Adafruit’s Got A New Board, An Official Arduino

There’s a new Arduino in town, this time designed in conjunction with Adafruit. It’s the Arduino Micro, a very neat little board designed for breadboard use.

Ostensibly an upgrade of the long in the tooth Arduino Nano, the new Micro takes all the best features of the new Arduino Leonardo and shrinks them down to a convenient stick of gum-sized package. It’s powered by the ATmega32u4 microcontroller, and with a MicroUSB port is able to emulate keyboards, mice and other USB input devices.

Of course with any microcontroller dev board, comparisons must be drawn between the Arduino Micro and the very popular Teensy USB dev board. Like the Teensy boards (and the new Arduino Leonardo), the Micro is able to function as a USB keyboard or mouse. The Teensys, though, is loaded with LUFA making it able to emulate just about anything from mice, USB audio devices, and MIDI synths.

21 thoughts on “Adafruit’s Got A New Board, An Official Arduino

  1. This board looks really nice especially for breadboarding. As a side note it is very easy to support LUFA on the Leonardo – In fact the github dev release of LUFA already has native support for the board built in (so the LUFA demo projects work straight-off) and you can program LUFA on it using avrdude via the Leonardo’s bootloader (avr109 over USB serial emulation) – no programmer required.

      1. You’re correct. However, if you want to do full-on ATmega32u4 development the leonardo makes a great low-cost development board and LUFA allows you to really take advantage of a wide-range of USB protocols and applications.

  2. Having made Teensy for nearly 4 years, the thing that really amazes me about these new Teensy-like boards from Arduino, Adafruit, Sparkfun is the pricing.

    For what it’s worth… apparently $8.95 more, or 56% more than Teensy 2.0… this hardware is functionally about the same and equally capable of running LUFA.

    Of course, when used from the Arduino IDE with Teensyduino extension (which is *not* LUFA-based), more USB types like MIDI are supported. I’m sure everything I’ve done on Teensy 2.0 will eventually be recreated or ported to the Arduino boards. At these prices, you’d think they could do that pretty easily….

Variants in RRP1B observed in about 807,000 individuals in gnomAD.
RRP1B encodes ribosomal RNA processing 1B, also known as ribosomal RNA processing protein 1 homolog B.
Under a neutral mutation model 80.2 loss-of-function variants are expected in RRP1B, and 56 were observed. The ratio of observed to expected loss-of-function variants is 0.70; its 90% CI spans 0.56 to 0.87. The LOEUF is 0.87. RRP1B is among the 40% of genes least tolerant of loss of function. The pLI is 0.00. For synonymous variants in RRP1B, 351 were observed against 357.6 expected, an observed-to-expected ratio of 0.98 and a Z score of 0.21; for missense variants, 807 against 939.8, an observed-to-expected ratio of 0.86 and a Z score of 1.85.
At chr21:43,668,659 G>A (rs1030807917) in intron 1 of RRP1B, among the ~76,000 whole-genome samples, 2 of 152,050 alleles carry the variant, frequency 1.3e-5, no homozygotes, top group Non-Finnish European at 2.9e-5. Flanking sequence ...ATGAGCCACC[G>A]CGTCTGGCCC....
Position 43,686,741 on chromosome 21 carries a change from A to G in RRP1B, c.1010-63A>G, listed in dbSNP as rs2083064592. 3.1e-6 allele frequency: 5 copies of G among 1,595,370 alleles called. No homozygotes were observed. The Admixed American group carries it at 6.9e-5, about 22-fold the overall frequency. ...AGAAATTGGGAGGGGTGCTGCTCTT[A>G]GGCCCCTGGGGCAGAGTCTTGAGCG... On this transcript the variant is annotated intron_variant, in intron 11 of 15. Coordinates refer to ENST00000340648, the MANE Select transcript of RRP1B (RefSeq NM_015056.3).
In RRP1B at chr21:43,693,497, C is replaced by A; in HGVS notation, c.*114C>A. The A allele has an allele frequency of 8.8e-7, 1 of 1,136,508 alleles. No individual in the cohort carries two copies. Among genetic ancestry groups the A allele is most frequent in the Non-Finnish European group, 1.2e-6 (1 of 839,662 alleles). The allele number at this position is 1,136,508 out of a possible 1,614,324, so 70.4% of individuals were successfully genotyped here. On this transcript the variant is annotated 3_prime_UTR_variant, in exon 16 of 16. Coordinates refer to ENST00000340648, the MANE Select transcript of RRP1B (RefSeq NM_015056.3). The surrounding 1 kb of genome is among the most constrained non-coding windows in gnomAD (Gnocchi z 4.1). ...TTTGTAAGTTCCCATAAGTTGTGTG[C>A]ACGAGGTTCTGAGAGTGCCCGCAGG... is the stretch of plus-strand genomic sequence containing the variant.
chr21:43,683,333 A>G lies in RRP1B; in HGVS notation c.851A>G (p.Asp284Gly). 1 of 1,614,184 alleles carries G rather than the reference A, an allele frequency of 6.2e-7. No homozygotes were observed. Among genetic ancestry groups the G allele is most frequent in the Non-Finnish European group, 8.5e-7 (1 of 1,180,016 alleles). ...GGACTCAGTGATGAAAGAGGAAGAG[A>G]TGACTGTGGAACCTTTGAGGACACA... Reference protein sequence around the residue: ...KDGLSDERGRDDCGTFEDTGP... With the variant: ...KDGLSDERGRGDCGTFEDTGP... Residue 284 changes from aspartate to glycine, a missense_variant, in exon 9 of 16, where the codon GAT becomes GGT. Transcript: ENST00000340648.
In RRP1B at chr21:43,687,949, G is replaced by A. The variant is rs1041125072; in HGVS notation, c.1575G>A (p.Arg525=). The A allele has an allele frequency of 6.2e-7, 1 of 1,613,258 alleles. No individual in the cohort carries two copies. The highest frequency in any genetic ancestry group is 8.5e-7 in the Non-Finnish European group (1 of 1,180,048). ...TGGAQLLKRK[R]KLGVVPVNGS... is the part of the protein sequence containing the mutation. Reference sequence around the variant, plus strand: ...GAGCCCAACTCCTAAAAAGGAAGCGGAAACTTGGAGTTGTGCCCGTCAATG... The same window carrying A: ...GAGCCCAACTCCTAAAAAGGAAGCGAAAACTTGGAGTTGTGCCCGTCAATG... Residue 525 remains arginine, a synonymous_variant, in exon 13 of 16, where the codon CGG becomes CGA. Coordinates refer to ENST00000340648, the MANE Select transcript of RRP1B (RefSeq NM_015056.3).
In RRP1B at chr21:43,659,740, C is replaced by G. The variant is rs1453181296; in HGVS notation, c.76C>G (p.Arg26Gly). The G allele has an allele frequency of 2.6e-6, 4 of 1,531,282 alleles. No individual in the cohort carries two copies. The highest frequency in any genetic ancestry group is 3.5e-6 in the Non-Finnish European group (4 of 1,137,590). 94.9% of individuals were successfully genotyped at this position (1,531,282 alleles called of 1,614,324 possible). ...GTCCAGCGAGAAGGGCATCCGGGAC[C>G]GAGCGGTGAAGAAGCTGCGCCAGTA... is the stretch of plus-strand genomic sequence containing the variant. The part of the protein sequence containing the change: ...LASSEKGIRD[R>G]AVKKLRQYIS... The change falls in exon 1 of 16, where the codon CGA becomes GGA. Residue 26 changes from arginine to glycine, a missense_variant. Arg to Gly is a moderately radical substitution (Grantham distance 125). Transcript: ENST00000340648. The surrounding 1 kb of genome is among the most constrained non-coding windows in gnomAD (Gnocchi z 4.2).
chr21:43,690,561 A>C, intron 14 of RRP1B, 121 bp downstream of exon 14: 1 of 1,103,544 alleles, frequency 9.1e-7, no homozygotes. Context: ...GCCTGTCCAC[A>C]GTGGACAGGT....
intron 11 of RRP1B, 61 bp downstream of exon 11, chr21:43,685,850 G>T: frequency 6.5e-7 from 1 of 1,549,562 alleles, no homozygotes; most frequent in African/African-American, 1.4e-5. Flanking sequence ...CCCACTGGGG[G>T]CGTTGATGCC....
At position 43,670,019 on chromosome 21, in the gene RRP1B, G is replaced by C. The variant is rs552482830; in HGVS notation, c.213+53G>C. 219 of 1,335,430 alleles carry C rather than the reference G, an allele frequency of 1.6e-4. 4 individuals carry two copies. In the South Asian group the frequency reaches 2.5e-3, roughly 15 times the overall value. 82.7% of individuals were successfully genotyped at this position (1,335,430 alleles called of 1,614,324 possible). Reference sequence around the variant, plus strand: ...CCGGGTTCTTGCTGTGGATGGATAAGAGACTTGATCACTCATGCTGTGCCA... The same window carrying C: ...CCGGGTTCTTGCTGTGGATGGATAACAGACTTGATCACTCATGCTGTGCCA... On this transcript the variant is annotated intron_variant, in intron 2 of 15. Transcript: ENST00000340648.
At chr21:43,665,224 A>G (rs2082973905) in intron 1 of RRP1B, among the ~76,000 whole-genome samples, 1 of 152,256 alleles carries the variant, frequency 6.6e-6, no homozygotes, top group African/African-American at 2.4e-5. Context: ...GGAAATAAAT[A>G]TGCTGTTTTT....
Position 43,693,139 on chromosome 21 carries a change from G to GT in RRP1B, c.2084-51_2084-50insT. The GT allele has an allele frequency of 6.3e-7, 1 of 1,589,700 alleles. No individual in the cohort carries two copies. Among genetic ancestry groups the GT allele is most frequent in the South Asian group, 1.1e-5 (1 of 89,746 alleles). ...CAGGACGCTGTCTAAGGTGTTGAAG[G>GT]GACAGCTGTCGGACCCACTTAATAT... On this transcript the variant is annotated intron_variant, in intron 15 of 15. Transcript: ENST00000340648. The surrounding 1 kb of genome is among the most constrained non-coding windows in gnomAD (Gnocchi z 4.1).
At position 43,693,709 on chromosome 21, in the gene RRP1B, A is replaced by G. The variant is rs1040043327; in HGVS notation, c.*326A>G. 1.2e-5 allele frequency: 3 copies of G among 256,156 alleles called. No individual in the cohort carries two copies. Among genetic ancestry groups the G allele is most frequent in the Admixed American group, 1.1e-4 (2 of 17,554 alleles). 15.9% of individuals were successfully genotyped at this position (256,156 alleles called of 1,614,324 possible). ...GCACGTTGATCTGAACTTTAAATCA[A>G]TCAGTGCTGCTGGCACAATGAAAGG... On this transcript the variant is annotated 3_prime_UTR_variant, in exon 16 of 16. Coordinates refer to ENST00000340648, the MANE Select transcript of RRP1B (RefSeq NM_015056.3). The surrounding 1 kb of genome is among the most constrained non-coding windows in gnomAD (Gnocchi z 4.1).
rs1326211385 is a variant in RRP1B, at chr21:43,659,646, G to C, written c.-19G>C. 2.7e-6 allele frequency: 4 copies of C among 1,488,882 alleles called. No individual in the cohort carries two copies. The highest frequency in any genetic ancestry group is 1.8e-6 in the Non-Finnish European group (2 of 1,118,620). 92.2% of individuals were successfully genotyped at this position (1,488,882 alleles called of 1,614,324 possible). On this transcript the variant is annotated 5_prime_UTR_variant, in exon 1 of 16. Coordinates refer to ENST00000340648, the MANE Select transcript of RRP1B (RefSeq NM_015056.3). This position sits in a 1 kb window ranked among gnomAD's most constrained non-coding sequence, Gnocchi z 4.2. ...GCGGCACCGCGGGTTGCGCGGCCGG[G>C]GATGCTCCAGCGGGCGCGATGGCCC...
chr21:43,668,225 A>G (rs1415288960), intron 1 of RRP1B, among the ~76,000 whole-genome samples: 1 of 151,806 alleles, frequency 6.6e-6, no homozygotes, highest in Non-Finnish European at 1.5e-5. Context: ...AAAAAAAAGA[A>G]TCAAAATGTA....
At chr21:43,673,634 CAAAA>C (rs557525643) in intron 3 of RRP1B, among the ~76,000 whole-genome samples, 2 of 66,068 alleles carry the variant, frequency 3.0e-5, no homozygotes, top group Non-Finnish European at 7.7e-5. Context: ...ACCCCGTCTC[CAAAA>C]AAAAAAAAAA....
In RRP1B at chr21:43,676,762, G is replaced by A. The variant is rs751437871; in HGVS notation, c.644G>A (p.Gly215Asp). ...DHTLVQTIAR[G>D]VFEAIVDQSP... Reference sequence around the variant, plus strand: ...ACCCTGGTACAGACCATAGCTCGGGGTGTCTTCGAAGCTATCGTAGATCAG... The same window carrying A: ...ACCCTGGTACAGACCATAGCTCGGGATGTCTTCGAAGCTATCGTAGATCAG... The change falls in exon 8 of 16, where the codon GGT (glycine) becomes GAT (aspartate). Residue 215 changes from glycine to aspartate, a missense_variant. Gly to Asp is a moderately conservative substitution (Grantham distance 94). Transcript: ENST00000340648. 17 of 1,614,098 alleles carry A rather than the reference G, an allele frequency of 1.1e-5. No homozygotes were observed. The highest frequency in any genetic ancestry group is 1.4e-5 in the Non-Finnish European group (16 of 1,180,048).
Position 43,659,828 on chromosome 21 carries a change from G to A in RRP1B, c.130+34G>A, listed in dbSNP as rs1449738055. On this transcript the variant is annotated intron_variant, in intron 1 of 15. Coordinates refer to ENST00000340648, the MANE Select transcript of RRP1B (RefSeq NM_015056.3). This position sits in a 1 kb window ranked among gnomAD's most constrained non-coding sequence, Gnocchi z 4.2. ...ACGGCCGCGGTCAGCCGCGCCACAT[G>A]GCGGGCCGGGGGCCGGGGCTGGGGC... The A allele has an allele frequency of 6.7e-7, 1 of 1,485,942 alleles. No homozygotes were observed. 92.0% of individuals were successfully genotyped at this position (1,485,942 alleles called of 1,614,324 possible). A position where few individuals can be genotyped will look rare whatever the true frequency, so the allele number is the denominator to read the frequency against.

1. Then, of course, there’s your Teensy 3.0, which is, processor-wise, closer to the Due. Arduino worked for years to bring that sucker out, and you Kickstarted yours and got me mine before I even had time to fully imagine the possibilities. Once we get the full gamut of HUD emulation on it, it will be a beast; all at the same price (a bit less, actually) as this Adafruino. Adafruit has done some amazing, wonderful things, but this is hardly the frontier of microcontroller innovation.

    2. I was thinking the same thing Paul. First thing I did was compare it to the 2.0

      Granted the difference is only 5.95 if the teensy needs pins. Looks like that $6 is just to have the ‘arduino’ brand name on the stick.

      I’ll stick to my 2.0++ and 3.0 teensys

    3. The Arduino bootloader is completely open source. Teensy is not, correct? If it is, where can I download the source code? Can I burn it into any chip and use it in any project with that processor?

    4. I have a few leonardos and a couple of teensy 2.0 boards and would say that although the teensy is cheaper and smaller you cannot compare them like for like. The leonardo circuit has more features than the teensy like USB fuse protection, 3.3 and 5V regulation, more leds, shield headers, etc.

      Personally I think it justifies the (small) extra cost but, if you don’t need it, then teensy is a better choice.

      Having many boards to choose from is great, but price to price comparison between the leonardo (mini or maxi) and the teensy isn’t really a fair comparison IMHO

      1. I guess I am not sure what the problem with the bootloader not being open source is exactly… Doesn’t seem significant enough to warrant avoiding the Teensy altogether. Especially since the LUFA project contains the TeensyHID bootloader which can replace HalfKay if need be. Honest question; I’m barely a hobbiest. I’m just not sure what the concern is.

  3. The Arduino Micro is a not very good at anything. It locks up the IDE on both Atmel 6 and Arduino 1.0.6 and I have decided to throw mine away. Too bad it wasn’t designed correctly.

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